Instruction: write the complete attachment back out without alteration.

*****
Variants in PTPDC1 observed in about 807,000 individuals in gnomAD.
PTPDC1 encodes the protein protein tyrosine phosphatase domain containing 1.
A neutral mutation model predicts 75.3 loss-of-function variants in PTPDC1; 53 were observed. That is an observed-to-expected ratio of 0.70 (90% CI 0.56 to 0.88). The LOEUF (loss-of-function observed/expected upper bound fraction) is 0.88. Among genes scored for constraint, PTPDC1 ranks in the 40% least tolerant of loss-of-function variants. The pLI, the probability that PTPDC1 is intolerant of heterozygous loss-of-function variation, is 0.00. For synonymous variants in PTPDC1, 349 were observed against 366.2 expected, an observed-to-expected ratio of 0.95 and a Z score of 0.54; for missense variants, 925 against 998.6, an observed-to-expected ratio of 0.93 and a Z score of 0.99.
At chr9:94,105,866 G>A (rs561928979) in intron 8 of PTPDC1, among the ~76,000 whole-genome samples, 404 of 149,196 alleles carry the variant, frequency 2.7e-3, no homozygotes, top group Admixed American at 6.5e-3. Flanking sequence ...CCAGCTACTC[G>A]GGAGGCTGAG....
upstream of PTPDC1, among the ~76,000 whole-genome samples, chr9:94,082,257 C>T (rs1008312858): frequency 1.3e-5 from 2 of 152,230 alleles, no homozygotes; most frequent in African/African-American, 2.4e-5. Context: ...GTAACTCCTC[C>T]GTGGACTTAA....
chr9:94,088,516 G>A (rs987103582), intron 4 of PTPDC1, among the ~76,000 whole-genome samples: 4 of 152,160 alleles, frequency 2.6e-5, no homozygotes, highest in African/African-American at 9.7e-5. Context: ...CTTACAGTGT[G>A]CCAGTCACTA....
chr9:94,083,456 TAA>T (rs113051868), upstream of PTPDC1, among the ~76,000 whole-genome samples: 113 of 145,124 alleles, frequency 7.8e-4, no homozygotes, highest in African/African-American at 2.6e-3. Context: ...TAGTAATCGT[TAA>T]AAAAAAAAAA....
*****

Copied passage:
Variants in PTPDC1 observed in about 807,000 individuals in gnomAD.
PTPDC1 encodes the protein protein tyrosine phosphatase domain containing 1.
A neutral mutation model predicts 75.3 loss-of-function variants in PTPDC1; 53 were observed. That is an observed-to-expected ratio of 0.70 (90% CI 0.56 to 0.88). The LOEUF (loss-of-function observed/expected upper bound fraction) is 0.88. Among genes scored for constraint, PTPDC1 ranks in the 40% least tolerant of loss-of-function variants. The pLI, the probability that PTPDC1 is intolerant of heterozygous loss-of-function variation, is 0.00. For synonymous variants in PTPDC1, 349 were observed against 366.2 expected, an observed-to-expected ratio of 0.95 and a Z score of 0.54; for missense variants, 925 against 998.6, an observed-to-expected ratio of 0.93 and a Z score of 0.99.
At chr9:94,105,866 G>A (rs561928979) in intron 8 of PTPDC1, among the ~76,000 whole-genome samples, 404 of 149,196 alleles carry the variant, frequency 2.7e-3, no homozygotes, top group Admixed American at 6.5e-3. Flanking sequence ...CCAGCTACTC[G>A]GGAGGCTGAG....
upstream of PTPDC1, among the ~76,000 whole-genome samples, chr9:94,082,257 C>T (rs1008312858): frequency 1.3e-5 from 2 of 152,230 alleles, no homozygotes; most frequent in African/African-American, 2.4e-5. Context: ...GTAACTCCTC[C>T]GTGGACTTAA....
chr9:94,088,516 G>A (rs987103582), intron 4 of PTPDC1, among the ~76,000 whole-genome samples: 4 of 152,160 alleles, frequency 2.6e-5, no homozygotes, highest in African/African-American at 9.7e-5. Context: ...CTTACAGTGT[G>A]CCAGTCACTA....
chr9:94,083,456 TAA>T (rs113051868), upstream of PTPDC1, among the ~76,000 whole-genome samples: 113 of 145,124 alleles, frequency 7.8e-4, no homozygotes, highest in African/African-American at 2.6e-3. Context: ...TAGTAATCGT[TAA>T]AAAAAAAAAA....